Dec. 8, 2009
You are Amy Jaeschke.
In the first half we were down by 11.
We fought our way back.
In the second half we were down by 12.
We battled back.
A score of 56-56 is up on the scoreboard with 2:20 left in the game.
The first thought that goes through your head is how badly you want to win this game. You want to win it for your teammates, win it for your coaches, win it for your fans, and win it for you.
All your senses become heightened as the final minutes of the game begin to tick away because every move, every play, every everything is of magnified importance.
Brittany hits her second free throw, and we are up by one. It is time to make a big defensive stop. One of opposing team's veteran seniors takes the ball right at you trying to score a layup. You step in to try and block her but the whistle is blown instead.
You recognize that that is the last thing our team needed to do but immediately you try and stifle any negative thoughts that come to mind. You convince yourself that with two minutes left in the game there is still a lot of basketball to be played.
The Purdue player makes both. We are down by one.
You are back on offense and this time our fifth year senior, Kristin Cartwright, finds herself at the line with another foul call. She has consistently found herself in this situation at the end of close games this season. Having full confidence that she will sink both, she uncharacteristically misses the second free throw, making it a tie game.
The next minute goes by and the score remains the same.
There are now probably a total of two possessions left in the game. It's your team's ball and you know we are desperate for a basket. A timeout is called and your coach draws up a play. You know there is a strong possibility the ball is coming your way and you will need to score. As the play develops the time on the shot clock begins to dwindle, you find yourself posting up a girl in great position to score.
, our point guard, passes you the ball. This is the moment you need to step up and score. Big moments like these are what you play for. You catch the ball and dribble baseline. There is a double-team on the way. Instinctively, your body retreats and you put up a fade away jumper.
It goes in.
Immediately, you want to celebrate but you are brought right back to reality because the game is not over. The other team calls a timeout and you try to re-gain your composure as your coach gives the team the defensive scheme for the last 23 seconds of the game. Purdue comes out and with almost no time left on the clock, they put up a three. It feels like you are in a movie as it seems that time is slow motion as you watch the ball head toward the hoop.
When the buzzer sounds. You are victorious. The chill of excitement takes complete control of your body. Your immediate reaction is to take a look at your teammates to see if the outcome is truly what it is. In a split second, you have found your confirmation. The next thing you know, you are running full steam ahead toward your teammates to join in a celebration. We just beat our first Big Ten opponent of the year.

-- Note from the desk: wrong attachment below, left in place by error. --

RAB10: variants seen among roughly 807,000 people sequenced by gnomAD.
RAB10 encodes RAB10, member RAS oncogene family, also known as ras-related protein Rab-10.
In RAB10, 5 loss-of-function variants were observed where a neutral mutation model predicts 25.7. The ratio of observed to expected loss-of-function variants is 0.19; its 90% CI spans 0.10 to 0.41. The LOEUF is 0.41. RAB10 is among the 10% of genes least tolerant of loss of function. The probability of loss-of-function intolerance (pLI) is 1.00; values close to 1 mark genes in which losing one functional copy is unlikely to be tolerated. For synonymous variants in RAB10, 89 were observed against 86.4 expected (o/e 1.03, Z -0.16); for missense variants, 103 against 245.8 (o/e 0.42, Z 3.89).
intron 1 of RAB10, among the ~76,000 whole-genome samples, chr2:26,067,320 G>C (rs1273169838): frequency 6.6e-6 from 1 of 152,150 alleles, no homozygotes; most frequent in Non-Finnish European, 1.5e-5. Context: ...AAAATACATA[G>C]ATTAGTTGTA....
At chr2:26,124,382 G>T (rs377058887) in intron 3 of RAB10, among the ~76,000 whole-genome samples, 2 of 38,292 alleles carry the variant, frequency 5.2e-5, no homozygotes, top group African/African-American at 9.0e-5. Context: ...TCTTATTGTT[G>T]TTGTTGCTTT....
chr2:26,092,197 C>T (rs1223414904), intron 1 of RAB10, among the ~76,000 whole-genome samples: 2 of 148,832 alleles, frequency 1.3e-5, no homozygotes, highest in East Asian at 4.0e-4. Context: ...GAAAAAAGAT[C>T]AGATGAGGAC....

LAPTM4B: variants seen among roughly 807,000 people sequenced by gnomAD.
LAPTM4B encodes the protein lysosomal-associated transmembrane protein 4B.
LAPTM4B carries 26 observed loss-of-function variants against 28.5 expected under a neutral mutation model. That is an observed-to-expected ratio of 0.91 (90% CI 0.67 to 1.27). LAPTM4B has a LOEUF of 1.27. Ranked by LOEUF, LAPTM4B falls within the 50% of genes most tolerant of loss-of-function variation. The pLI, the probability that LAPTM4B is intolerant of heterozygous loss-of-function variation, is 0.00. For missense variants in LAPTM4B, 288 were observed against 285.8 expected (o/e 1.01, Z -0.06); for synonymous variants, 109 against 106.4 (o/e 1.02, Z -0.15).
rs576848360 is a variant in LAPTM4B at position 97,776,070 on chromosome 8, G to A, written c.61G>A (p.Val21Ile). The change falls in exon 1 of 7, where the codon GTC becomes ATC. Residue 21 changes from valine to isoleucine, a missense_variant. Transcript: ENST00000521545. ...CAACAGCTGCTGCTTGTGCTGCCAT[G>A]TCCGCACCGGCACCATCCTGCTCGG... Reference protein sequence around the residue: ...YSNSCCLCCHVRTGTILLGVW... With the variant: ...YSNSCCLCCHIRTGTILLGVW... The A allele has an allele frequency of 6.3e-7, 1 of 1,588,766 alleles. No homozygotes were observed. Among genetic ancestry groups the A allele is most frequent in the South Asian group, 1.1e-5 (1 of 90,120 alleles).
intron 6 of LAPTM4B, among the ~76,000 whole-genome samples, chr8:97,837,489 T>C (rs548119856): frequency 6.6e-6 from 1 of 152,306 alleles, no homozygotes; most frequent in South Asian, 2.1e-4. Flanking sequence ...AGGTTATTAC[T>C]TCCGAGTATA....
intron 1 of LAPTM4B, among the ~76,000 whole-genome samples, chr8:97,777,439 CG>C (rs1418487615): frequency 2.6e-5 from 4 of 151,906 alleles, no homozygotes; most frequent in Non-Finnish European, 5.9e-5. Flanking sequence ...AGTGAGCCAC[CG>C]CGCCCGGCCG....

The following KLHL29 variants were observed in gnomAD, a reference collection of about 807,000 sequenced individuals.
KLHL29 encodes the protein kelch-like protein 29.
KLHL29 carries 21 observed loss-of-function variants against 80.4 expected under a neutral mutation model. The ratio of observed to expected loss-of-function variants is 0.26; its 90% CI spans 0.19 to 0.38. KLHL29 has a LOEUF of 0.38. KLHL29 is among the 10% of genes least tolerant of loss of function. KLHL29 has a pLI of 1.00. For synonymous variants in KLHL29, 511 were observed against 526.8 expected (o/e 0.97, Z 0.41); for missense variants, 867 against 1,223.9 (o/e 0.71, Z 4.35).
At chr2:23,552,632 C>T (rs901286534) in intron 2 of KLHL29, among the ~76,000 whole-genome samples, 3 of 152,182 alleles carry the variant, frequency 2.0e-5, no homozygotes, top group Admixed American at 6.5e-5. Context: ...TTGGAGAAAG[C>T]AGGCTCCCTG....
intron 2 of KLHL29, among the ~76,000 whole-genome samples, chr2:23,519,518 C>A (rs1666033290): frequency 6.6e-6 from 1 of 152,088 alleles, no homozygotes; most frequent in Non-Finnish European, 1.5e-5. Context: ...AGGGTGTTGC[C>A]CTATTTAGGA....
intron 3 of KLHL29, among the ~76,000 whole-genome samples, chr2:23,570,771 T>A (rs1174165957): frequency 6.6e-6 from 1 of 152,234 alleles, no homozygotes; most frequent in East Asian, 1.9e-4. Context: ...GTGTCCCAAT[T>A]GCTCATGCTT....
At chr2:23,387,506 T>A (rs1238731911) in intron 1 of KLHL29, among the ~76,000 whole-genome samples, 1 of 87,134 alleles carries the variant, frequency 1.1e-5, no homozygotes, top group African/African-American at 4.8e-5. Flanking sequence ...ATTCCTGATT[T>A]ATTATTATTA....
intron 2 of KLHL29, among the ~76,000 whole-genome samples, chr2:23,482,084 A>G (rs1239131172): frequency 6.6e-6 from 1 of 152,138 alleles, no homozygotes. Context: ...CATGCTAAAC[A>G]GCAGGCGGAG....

It is the first time our program has beat Purdue in nearly 13 years. The win marked the first time we has been 1-0 in the conference since 1998.
The biggest emotion that occurs postgame is relief. Relief that you won, relief that all your hard work paid off, relief that the hours of film and game planning our coaches put into the game was worth it; just pure relief.
One of the best parts of the game was our fans. A lot of other student-athletes came out in support of our team, and toward the end of the game, they were completely into it, yelling a very energetic "defense" chant during the last play of the game. A few football players even `rushed the court' to enter the line where we shake hands with the opposing team to congratulate us on our win.
This game had extra meaning for our team because it was Autism Awareness Day at Welsh-Ryan. Autism, a neurological disorder, now affects 1-in-91 children and more specifically, 1-in-58 boys. No cure has been found but our goal was to raise awareness by hosting this event. This disorder has special meaning to our program, especially to Coach McKeown and his family. Their son Joey has autism. He is an amazing person. When we go over to the McKeown house, Joey is always drawing (check out his basketball players in the picture above!). The most memorable drawing he made for us was a theme park. He had different roller coasters and named each one separately. Not only were the roller coasters very realistic but it was truly amazing because he thought of every detail that would be in a theme park. So thanks to everyone who came out to support the cause. It really meant a lot to us.
We are now 6-2 overall and 1-0 in conference play. One thing that has become utterly apparent in our season so far is how every possession counts. Four out of our eight games have been decided by four points or less. If we had one more defensive rebound, one less turn over, or converted one more shot we could have clinched wins in our two losses and been undefeated right now. We are only five points away from being 8-0. However as much as it hurts to lose, it is necessary evil. We need to learn and grow from the losses to prevent hiccups like these from happening toward the end of the season when it matters most.
I took my last final yesterday, our football team is going to the outback bowl, we beat Purdue, the first snow has fallen, and Harry Potter is out on DVD. Life is pretty great. I am really looking forward to the next three and a half weeks of no school where I can concentrate on basketball, hang out with teammates, and enjoy the holidays.
Hope you have gotten to enjoy the snow!
Talk to you next week,